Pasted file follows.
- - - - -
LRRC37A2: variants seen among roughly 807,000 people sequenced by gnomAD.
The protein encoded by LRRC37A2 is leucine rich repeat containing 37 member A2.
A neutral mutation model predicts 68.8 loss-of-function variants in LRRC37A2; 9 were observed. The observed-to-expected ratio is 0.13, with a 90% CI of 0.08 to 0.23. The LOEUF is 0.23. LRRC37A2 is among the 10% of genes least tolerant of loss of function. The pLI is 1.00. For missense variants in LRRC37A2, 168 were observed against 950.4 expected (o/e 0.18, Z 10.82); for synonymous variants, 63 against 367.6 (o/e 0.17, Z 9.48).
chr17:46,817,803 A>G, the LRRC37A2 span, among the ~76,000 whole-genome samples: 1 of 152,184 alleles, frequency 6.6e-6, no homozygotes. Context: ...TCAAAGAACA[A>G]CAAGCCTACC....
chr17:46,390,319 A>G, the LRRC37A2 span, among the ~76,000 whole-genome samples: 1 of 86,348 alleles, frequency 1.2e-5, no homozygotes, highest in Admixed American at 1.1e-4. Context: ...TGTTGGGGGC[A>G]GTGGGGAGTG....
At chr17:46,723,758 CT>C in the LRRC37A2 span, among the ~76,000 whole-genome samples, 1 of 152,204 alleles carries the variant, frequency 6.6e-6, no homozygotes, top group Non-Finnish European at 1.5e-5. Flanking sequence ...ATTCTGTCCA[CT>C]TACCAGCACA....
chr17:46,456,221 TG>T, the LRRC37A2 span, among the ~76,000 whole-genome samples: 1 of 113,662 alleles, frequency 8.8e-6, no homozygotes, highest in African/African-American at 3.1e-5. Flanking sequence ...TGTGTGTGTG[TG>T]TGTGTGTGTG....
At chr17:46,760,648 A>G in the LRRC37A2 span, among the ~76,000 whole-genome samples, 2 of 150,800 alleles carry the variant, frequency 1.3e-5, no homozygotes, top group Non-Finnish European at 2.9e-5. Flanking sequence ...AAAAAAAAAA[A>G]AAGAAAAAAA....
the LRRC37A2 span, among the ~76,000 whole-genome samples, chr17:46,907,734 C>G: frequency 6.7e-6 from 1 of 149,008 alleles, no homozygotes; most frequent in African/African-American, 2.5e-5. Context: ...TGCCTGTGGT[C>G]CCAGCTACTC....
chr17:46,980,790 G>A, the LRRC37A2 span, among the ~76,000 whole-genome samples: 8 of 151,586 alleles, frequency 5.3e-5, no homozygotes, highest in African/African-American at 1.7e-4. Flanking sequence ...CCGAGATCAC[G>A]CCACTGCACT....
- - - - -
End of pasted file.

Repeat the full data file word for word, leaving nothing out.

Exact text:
LRRC37A2: variants seen among roughly 807,000 people sequenced by gnomAD.
The protein encoded by LRRC37A2 is leucine rich repeat containing 37 member A2.
A neutral mutation model predicts 68.8 loss-of-function variants in LRRC37A2; 9 were observed. The observed-to-expected ratio is 0.13, with a 90% CI of 0.08 to 0.23. The LOEUF is 0.23. LRRC37A2 is among the 10% of genes least tolerant of loss of function. The pLI is 1.00. For missense variants in LRRC37A2, 168 were observed against 950.4 expected (o/e 0.18, Z 10.82); for synonymous variants, 63 against 367.6 (o/e 0.17, Z 9.48).
chr17:46,817,803 A>G, the LRRC37A2 span, among the ~76,000 whole-genome samples: 1 of 152,184 alleles, frequency 6.6e-6, no homozygotes. Context: ...TCAAAGAACA[A>G]CAAGCCTACC....
chr17:46,390,319 A>G, the LRRC37A2 span, among the ~76,000 whole-genome samples: 1 of 86,348 alleles, frequency 1.2e-5, no homozygotes, highest in Admixed American at 1.1e-4. Context: ...TGTTGGGGGC[A>G]GTGGGGAGTG....
At chr17:46,723,758 CT>C in the LRRC37A2 span, among the ~76,000 whole-genome samples, 1 of 152,204 alleles carries the variant, frequency 6.6e-6, no homozygotes, top group Non-Finnish European at 1.5e-5. Flanking sequence ...ATTCTGTCCA[CT>C]TACCAGCACA....
chr17:46,456,221 TG>T, the LRRC37A2 span, among the ~76,000 whole-genome samples: 1 of 113,662 alleles, frequency 8.8e-6, no homozygotes, highest in African/African-American at 3.1e-5. Flanking sequence ...TGTGTGTGTG[TG>T]TGTGTGTGTG....
At chr17:46,760,648 A>G in the LRRC37A2 span, among the ~76,000 whole-genome samples, 2 of 150,800 alleles carry the variant, frequency 1.3e-5, no homozygotes, top group Non-Finnish European at 2.9e-5. Flanking sequence ...AAAAAAAAAA[A>G]AAGAAAAAAA....
the LRRC37A2 span, among the ~76,000 whole-genome samples, chr17:46,907,734 C>G: frequency 6.7e-6 from 1 of 149,008 alleles, no homozygotes; most frequent in African/African-American, 2.5e-5. Context: ...TGCCTGTGGT[C>G]CCAGCTACTC....
chr17:46,980,790 G>A, the LRRC37A2 span, among the ~76,000 whole-genome samples: 8 of 151,586 alleles, frequency 5.3e-5, no homozygotes, highest in African/African-American at 1.7e-4. Flanking sequence ...CCGAGATCAC[G>A]CCACTGCACT....